Sunday, October 13, 2013

Columbia River Gorge -- Falls and Crown Point

With 77 waterfalls on the Oregon side of the Columbia River Gorge alone, we had no trouble finding some to see close up. We wrote about Munra Falls yesterday and will cover two more today.

On our return trip from Hood River, OR, to Woodland, WA, via US 30, viewing Horsetail Falls required only a short walk across the highway from the parking lot.
As we walked along the path, we caught different views of these falls.
We were intrigued by the hourglass appearance of these falls.

A closer look revealed that a second falls joined the higher falls at the midsection of the falls.
The 178-foot falls created an inviting image.
Then it was on to "...the most visited natural attraction in Oregon," Multnomah Falls. We joined the over 2.5 million visitors who come to see the falls each year from every part of the world.
Multnomah Falls is the highest waterfall in the Columbia River Gorge with a total drop of 620 feet.
Lumber baron, Simon Benson, an avid philanthropist, donated funds for the land encompassing Multnomah Falls and for the 1914 construction of the Benson Bridge, which spans the chasm above the lower falls.
The lower falls was impressive by itself,
but the upper falls with its artistic spray and the bridge in the foreground created a stunning scene.
We left Multonah Falls and headed west. Much of US 30 was tree-lined as we climbed for the views from Vista House at Crown Point.

Crown Point with Vista House is shown on the right in the photo below. "Once called 'Thor’s Heights,' Crown Point is a basalt promontory shaped by the same volcanic lava flows, floods and winds that created the Columbia River Gorge. Cited for its 'exceptional value in illustrating the natural history of the U.S.,' it was designated as a National Natural Landmark in 1971" (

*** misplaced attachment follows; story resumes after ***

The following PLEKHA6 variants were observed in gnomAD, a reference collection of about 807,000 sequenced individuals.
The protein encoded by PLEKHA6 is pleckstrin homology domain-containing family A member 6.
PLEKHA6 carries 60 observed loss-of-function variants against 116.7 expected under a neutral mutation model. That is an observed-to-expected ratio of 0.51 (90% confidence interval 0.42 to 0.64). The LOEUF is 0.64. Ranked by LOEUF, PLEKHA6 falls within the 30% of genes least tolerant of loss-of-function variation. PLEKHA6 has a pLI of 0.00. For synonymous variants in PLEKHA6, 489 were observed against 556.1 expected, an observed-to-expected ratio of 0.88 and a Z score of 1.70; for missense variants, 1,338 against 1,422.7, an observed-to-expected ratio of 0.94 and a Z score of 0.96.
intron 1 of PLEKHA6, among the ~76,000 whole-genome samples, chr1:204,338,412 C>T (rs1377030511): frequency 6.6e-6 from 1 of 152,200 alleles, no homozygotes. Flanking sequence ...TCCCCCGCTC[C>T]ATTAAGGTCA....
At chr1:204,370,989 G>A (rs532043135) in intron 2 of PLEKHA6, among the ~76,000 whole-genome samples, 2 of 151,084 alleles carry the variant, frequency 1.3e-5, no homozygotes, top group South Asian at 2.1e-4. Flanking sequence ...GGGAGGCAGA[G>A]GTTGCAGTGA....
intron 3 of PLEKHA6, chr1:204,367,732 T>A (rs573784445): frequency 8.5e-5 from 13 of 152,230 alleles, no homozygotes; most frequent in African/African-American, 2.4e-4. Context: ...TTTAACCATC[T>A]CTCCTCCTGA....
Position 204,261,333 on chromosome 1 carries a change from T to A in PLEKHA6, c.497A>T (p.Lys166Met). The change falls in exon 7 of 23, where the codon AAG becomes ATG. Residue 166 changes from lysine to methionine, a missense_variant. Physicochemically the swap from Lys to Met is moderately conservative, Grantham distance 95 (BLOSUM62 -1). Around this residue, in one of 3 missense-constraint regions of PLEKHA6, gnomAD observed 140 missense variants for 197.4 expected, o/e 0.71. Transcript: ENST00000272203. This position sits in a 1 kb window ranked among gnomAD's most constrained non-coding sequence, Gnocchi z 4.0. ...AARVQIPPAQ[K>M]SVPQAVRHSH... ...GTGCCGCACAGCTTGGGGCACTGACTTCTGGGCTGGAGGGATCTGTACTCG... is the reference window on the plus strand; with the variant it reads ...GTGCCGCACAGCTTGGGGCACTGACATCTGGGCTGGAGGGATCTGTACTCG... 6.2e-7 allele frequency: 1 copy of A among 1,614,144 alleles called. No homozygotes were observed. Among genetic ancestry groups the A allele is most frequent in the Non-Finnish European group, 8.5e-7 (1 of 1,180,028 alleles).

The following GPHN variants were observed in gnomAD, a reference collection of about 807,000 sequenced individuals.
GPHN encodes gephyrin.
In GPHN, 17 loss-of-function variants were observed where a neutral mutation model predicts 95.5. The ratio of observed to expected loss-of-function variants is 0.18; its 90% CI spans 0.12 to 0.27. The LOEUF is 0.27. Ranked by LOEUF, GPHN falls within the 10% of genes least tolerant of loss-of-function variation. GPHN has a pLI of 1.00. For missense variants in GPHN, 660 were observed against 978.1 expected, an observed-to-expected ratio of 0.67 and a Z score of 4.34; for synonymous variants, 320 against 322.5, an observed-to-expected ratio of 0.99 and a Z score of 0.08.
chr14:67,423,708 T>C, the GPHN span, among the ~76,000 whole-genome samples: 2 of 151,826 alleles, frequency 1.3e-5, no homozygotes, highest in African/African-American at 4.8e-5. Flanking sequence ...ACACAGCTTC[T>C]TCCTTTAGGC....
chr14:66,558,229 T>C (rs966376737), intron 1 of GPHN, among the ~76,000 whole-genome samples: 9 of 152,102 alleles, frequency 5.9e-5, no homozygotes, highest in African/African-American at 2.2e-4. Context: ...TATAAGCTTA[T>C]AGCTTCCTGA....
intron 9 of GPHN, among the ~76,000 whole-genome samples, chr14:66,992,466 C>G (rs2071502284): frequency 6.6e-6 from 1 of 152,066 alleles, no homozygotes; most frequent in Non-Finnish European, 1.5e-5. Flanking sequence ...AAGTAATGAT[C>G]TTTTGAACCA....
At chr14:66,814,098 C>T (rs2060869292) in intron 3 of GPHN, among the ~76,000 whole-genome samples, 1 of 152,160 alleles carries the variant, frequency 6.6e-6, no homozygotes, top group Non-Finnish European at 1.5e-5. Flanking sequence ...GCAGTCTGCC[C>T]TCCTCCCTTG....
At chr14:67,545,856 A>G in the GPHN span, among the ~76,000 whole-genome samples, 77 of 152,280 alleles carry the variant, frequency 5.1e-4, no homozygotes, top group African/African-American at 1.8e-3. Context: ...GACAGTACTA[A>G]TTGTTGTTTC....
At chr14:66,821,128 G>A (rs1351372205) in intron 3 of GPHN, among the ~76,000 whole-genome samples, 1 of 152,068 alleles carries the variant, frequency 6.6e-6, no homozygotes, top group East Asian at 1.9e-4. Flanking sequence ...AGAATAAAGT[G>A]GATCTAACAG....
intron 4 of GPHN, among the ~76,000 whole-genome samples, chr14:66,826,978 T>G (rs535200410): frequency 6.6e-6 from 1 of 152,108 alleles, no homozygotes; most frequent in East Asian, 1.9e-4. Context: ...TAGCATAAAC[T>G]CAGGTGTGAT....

A closer view of Vista House is shown below.
"Construction of the Vista House began in 1916, in the words of the highway’s chief engineer Samuel Lancaster, as an 'Isle of Safety to all the visitors who wish to look on that matchless scene.'”
"Edgar Lazarus designed Vista House (the structure is 44 feet in diameter and 55 feet high) as an example of modern German architecture.

"Tokeen Alaskan Marble was used to surface the floors and stairs in the rotunda and as wainscoting on the basement walls. The inside of the dome and its supporting ribs were painted to simulate the marble and bronze. Attached to the wall just below the dome, eight busts of four unidentified Native Americans are aligned so that each mirrors its own likeness.
"As Lancaster described it, the Crown Point promontory was the ideal site for 'an observatory from which the view both up and down the Columbia could be viewed in silent communion with the infinite'” (

If placed side by side, the next five photos would show a panoramic view, looking north from the west to the east.

Lancaster's description of the view from Crown Point still rings true.

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